“I was asleep too!” Wesdir protested.
“A nap?” The man shook his head and looked confused.
“Hell-kind gets tired,” the ghoul explained. “We have to nap every ten thousand years. “ It searched in its clothes, pulled free a thick book, and opened it to a dog-eared page. “See, it’s in our day planners. We took a nap between six and three a.m.”
“Well he didn’t destroy earth,” the man said. “Missy Wedker did.”
“Who the blessed being was Missy Wedker?”
“My grandniece and General Wedker’s four-year-old daughter. He was giving us an illegal tour of a nuclear missile base when she pressed a big button and I threw myself into the cryonic chamber.”
“See,” Wesdir shouted. “I told you I didn’t do it.”
“Guess not,” the ghoul admitted, “but we had to torture somebody or there wouldn’t have been any entertainment.” He gestured towards the man. “Now you just stay there because I have to raffle you off.”
“Why do you want to raffle me off?”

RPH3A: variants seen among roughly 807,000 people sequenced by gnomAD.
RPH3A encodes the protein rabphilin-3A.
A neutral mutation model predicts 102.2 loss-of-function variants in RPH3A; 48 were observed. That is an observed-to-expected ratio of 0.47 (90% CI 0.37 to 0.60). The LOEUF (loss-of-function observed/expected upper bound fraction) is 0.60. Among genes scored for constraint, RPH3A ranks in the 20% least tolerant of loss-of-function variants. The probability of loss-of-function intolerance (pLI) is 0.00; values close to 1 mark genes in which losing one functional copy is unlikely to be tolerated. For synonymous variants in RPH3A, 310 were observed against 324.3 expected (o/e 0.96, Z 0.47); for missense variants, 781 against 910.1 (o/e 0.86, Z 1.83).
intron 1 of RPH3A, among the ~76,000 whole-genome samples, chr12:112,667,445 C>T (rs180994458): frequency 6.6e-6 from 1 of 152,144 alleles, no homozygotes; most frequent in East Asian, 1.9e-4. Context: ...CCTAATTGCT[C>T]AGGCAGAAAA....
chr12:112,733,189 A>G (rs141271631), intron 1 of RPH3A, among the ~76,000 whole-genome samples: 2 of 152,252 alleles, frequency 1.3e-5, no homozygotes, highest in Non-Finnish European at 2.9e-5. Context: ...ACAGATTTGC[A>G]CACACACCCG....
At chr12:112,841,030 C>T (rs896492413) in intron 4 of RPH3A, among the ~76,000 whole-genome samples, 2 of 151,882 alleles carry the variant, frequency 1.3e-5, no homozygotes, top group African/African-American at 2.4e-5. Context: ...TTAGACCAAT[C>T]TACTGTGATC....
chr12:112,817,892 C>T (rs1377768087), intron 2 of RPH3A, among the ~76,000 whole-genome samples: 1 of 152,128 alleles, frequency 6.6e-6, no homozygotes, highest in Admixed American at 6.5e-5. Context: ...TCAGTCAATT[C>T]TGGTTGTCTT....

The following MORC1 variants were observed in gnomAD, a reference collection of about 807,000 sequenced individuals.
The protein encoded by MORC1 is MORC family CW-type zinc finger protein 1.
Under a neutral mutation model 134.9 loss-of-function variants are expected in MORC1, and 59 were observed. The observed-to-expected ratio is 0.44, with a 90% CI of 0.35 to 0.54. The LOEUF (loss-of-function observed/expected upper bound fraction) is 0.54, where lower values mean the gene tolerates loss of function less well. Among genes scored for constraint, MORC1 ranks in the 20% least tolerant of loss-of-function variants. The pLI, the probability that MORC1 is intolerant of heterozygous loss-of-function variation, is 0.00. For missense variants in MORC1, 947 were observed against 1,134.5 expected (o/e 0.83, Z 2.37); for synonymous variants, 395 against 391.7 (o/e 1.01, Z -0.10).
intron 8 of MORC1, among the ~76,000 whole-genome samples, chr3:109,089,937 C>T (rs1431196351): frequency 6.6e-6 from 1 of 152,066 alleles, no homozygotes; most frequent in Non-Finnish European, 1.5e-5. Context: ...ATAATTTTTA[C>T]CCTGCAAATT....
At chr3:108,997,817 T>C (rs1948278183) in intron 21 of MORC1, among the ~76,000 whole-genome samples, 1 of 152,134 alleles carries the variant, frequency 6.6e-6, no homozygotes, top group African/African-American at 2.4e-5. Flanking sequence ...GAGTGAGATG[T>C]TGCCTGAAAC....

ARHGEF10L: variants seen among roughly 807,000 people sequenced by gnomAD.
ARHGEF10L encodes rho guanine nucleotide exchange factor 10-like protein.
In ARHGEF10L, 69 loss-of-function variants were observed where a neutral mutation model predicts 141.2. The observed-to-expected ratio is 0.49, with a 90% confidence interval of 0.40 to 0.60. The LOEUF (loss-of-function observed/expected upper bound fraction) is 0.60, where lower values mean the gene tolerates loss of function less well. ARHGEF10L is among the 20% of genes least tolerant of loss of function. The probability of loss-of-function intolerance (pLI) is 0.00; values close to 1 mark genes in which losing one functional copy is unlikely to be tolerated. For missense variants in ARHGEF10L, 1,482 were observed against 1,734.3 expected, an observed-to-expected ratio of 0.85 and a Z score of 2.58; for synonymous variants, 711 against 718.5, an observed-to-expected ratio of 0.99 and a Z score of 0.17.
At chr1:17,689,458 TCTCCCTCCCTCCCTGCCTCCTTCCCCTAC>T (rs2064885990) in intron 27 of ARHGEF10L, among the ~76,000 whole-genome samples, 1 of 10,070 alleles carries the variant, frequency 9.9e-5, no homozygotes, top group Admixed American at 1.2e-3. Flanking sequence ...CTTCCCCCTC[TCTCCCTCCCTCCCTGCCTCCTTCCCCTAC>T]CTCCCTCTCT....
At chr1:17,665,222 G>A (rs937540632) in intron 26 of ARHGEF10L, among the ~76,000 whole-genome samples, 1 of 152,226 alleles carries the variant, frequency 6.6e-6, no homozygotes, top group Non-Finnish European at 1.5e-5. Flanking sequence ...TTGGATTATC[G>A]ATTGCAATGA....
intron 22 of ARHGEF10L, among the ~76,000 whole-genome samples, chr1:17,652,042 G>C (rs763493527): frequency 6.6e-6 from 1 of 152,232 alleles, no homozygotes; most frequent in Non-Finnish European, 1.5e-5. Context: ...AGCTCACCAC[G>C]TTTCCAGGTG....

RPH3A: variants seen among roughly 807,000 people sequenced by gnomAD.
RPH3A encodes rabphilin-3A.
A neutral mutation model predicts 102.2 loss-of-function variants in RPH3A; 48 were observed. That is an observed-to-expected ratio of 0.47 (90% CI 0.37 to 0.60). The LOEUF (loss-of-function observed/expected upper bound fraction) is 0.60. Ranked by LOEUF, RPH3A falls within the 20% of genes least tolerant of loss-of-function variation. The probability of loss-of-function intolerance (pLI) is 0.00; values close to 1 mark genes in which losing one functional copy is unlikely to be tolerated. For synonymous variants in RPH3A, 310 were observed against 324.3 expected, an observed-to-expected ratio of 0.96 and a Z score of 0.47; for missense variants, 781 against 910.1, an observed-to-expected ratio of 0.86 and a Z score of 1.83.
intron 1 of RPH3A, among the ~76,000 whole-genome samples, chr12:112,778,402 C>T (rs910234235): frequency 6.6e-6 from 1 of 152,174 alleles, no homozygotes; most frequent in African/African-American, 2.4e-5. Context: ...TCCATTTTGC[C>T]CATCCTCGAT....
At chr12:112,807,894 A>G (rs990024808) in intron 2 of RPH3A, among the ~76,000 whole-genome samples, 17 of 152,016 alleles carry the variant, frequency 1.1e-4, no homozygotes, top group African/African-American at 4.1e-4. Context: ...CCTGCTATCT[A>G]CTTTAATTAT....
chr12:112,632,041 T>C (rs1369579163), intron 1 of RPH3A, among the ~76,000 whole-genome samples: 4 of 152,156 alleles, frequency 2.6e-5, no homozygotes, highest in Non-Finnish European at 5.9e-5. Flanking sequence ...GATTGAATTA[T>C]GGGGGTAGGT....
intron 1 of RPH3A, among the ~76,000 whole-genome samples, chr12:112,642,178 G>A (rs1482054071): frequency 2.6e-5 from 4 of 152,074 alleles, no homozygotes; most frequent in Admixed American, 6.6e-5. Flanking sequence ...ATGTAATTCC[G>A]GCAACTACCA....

“Because you’re the last human soul we have. Even the dead ones have paid their penance and moved on. You’re priceless.” It spat a piece of paper out of its mouth. “The winning ticket is E-1,072,001.”
Violent unrest ran throughout the stands. Monitor lizards lashed the crowd with electric eels until the protest died away. Yesermin stared morosely at his five losing tickets.
A quarter mile from him, a female pushed her way through the stands. An even larger groan rose when all the Hell-born saw it was Grinwalda. She was the most famous succubus of all time. She had entrapped more men’s souls than any other devil or demon in all of Hell’s long history.
The man pulled himself out of the chamber and studied Grinwalda when she approached. She swayed invitingly. Her pheromones became so powerful they filled the entire arena. Yesermin felt his senses begin to reel.”
“You get five minutes,” the ghoul warned.